Volume 27 (2016) / Issue 7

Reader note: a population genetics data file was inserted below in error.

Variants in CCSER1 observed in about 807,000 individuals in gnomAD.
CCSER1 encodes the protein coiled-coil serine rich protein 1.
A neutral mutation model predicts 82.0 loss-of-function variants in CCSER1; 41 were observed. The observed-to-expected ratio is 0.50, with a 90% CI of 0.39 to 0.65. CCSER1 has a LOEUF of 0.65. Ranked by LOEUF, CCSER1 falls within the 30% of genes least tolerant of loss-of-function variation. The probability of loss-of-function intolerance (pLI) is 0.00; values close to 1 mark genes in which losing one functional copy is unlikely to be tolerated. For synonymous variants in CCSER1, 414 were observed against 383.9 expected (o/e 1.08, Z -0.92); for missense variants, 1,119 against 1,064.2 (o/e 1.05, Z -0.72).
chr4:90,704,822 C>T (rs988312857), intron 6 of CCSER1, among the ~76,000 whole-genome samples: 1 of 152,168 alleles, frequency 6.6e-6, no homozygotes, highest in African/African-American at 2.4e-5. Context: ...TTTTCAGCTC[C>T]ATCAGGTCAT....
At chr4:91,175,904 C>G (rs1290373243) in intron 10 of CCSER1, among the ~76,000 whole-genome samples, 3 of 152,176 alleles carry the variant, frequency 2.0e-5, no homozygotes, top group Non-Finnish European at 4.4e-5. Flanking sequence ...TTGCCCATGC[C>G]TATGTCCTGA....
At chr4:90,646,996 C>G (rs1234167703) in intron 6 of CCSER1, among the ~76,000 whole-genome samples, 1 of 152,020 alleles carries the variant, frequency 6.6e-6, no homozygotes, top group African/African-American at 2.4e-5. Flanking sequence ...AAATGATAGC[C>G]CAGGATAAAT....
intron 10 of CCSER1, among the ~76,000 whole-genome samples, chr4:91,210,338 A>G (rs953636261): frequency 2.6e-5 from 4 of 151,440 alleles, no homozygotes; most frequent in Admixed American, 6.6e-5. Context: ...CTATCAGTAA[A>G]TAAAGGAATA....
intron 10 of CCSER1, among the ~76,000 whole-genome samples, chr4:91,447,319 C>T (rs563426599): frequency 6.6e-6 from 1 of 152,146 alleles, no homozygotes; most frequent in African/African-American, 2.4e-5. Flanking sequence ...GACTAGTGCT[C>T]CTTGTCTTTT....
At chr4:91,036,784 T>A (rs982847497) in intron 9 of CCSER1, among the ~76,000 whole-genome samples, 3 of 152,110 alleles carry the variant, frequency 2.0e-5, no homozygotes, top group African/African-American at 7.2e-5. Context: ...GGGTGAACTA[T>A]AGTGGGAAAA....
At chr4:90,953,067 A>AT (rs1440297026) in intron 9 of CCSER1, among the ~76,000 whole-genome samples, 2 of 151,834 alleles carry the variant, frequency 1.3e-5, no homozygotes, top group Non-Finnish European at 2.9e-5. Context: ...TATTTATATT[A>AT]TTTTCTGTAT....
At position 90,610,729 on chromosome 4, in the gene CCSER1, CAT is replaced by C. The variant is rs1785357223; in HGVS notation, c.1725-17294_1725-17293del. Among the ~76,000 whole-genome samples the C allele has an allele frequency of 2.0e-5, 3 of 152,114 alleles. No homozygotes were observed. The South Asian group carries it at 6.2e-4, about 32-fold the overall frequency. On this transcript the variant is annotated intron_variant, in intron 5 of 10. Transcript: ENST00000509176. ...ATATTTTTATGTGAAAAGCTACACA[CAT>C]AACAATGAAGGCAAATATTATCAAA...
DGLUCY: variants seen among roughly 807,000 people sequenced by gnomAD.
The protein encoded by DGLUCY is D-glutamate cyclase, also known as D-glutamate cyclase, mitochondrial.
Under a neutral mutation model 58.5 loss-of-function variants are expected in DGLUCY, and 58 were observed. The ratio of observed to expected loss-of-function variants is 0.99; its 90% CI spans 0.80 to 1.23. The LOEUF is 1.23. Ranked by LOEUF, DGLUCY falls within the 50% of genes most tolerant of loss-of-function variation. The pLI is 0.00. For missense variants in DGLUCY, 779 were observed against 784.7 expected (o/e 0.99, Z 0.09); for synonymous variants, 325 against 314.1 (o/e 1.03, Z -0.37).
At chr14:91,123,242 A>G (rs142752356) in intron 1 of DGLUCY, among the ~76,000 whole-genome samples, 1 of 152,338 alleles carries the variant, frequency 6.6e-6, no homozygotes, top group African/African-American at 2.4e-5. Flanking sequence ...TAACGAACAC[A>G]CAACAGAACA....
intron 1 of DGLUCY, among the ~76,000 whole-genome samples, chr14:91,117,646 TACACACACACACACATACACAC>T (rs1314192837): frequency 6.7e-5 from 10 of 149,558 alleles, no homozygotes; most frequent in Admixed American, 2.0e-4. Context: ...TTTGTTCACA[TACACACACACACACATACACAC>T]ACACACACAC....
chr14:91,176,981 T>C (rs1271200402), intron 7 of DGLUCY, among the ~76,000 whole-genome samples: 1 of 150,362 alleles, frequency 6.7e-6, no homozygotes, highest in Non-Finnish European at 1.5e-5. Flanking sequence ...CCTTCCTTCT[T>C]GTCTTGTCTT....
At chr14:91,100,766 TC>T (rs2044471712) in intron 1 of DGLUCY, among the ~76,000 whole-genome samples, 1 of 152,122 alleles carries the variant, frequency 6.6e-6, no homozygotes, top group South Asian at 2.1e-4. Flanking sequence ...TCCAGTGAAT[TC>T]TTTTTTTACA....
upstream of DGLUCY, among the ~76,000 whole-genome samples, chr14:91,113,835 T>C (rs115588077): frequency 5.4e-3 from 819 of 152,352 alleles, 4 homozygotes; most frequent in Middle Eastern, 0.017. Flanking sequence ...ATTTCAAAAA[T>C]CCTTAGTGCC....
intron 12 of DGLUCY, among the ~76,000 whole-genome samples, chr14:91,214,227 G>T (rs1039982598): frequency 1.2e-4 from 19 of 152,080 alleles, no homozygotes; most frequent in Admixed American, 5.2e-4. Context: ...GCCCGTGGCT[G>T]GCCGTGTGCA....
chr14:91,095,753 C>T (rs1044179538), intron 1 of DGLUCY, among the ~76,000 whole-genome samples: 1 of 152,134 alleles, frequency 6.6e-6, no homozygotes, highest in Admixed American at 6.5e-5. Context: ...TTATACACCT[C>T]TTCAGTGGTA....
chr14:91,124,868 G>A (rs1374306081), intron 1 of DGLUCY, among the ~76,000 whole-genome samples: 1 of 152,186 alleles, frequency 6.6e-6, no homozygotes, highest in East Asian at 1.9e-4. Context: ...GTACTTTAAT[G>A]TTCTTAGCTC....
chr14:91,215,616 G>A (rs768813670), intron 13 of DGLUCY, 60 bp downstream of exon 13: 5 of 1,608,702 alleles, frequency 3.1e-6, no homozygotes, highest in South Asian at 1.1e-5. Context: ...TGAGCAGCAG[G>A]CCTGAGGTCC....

This article presents an early view of the impact of BREXIT on English jurisdiction agreements in international commercial contracts. It is almost certain that the Brussels I Recast Regulation will cease to apply in the UK after BREXIT and as a result the near automatic recognition and enforcement of English court judgments in the continuing EU (and Lugano Convention Contracting States) and vice versa will be in jeopardy. Contrary to some recent speculation, it is unlikely that the Brussels Convention will revive and the option to adhere to the Lugano Convention also does not seem to be viable for a newly ‘liberated’ UK. The article suggests practical solutions to minimise the litigation risk arising from English jurisdiction agreements in relation to the EU. Significantly, the Hague Convention on Choice of Court Agreements can be harnessed to regulate English exclusive jurisdiction agreements in relation to the EU in matters within the scope of the Convention. If the courts of a post-BREXIT EU Member State are seised in a case concerning an English exclusive jurisdiction agreement, Article 6 of the Hague Convention should accord deference to the elected forum.
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